Thursday, June 18, 2009

Battle of Miccosukee - Leon County, Florida


One of the few significant confrontations of Andrew Jackson's final invasion of Spanish Florida took place on April 1, 1818, when Jackson attacked the massive Miccosukee towns along the west shore of Lake Miccosukee.

The center of what was then the western branch of the Seminole nation, the Miccosukee towns stretched for 10 miles along the lake and were a primary target for U.S. troops. Although the Miccosukee chief Kenhajo and his warriors had generally avoided conflict with the United States until after soldiers from Fort Scott attacked the Lower Creek town of Fowltown near what is now Bainbridge, Georgia, they quickly emerged as one of the primary fighting forces of what is now remembered as the First Seminole War.

After warriors blocked boat traffic and wiped out a military detachment on the Apalachicola River then attacked both Fort Scott and Fort Hughes in Southwest Georgia, officials in Washington ordered Major General Andrew Jackson to the frontier from his home in Nashville. Marching to Fort Scott, Jackson invaded Florida in March of 1818 with an army that would grow to over 3,000 men.

After establishing Fort Gadsden on the lower Apalachicola to serve as a base of operations, he turned northeast across today's Apalachicola National Forest and arrived in the vicinity of modern Tallahassee on March 31st. There he found the Seminole town of Tallahassee Talofa abandoned and burned it to the ground. The next morning, he resumed his march for Miccosukee.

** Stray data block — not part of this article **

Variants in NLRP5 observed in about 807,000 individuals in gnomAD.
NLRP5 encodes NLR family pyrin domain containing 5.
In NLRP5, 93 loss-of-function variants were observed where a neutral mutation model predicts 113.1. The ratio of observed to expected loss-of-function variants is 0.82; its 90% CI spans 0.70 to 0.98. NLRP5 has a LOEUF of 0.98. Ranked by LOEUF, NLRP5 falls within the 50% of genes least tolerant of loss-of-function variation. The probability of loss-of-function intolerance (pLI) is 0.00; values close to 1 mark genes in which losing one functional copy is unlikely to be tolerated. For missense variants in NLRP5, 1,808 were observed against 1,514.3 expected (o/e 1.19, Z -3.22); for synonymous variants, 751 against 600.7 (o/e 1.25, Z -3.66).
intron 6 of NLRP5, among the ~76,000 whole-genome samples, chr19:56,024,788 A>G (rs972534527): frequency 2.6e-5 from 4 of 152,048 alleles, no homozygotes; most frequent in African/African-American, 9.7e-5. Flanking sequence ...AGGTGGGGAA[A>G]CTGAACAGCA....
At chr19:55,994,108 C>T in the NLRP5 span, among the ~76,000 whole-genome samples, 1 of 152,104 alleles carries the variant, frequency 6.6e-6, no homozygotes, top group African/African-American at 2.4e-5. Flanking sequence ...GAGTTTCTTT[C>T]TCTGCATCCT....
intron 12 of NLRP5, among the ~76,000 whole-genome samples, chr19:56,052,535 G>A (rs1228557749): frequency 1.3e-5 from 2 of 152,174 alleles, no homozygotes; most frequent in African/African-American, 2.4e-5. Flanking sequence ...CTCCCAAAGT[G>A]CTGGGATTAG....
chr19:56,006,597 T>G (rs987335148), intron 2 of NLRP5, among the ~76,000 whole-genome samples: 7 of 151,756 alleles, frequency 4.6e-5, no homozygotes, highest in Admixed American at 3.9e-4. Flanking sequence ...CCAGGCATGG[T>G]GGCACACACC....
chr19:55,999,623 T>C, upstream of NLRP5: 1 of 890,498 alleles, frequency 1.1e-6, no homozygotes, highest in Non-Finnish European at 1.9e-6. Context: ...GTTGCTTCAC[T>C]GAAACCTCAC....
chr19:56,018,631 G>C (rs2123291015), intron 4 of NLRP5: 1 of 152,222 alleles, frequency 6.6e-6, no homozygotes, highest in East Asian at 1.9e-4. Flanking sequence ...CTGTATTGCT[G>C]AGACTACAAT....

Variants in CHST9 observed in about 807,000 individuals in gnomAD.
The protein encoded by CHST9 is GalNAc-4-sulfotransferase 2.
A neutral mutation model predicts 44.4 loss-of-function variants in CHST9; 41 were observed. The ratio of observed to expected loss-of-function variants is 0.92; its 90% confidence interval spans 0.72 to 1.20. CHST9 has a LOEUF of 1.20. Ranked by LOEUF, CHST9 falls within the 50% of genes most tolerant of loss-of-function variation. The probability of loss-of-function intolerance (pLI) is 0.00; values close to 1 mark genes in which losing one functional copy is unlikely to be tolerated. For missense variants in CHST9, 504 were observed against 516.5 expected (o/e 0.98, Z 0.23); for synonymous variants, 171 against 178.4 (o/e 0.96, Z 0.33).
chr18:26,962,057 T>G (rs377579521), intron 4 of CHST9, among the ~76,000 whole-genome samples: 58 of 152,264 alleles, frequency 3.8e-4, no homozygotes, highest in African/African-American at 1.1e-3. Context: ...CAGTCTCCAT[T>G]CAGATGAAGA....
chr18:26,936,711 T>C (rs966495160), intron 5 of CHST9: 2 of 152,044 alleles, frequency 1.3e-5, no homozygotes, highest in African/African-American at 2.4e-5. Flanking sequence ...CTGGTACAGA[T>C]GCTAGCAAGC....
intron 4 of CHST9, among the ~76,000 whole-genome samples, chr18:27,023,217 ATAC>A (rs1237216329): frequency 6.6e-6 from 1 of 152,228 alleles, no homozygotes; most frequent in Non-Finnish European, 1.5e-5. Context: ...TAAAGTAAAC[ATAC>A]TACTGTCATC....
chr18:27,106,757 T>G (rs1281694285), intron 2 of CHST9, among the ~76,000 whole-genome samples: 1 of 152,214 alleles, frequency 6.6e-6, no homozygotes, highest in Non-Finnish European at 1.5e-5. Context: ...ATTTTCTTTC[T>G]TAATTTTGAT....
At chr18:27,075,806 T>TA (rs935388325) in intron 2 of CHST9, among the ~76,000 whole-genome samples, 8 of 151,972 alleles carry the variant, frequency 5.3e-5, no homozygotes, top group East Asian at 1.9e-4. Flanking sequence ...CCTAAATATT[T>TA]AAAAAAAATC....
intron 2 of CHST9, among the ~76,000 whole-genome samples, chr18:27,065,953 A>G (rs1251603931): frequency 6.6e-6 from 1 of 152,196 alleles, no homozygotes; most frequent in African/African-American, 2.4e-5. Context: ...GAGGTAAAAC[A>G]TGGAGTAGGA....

As Kenhajo's warriors detected the approach of the thousands of soldiers, militiamen and Creek volunteers, they took up a position on a point of land in a pond to fight a delaying action until the women, children and elderly could be evacuated from the Indian towns. A severe firefight erupted and the Miccosukee warriors held their ground until part of Jackson's army moved into position to flank them. They then fell back in a fighting retreat.

Jackson and his men burned more than 300 homes in the Miccosukee towns and captured large quantities of provisions. No trace remains of the towns today and the battlefield is not marked.

To learn more, please visit www.exploresouthernhistory.com/miccosukee.

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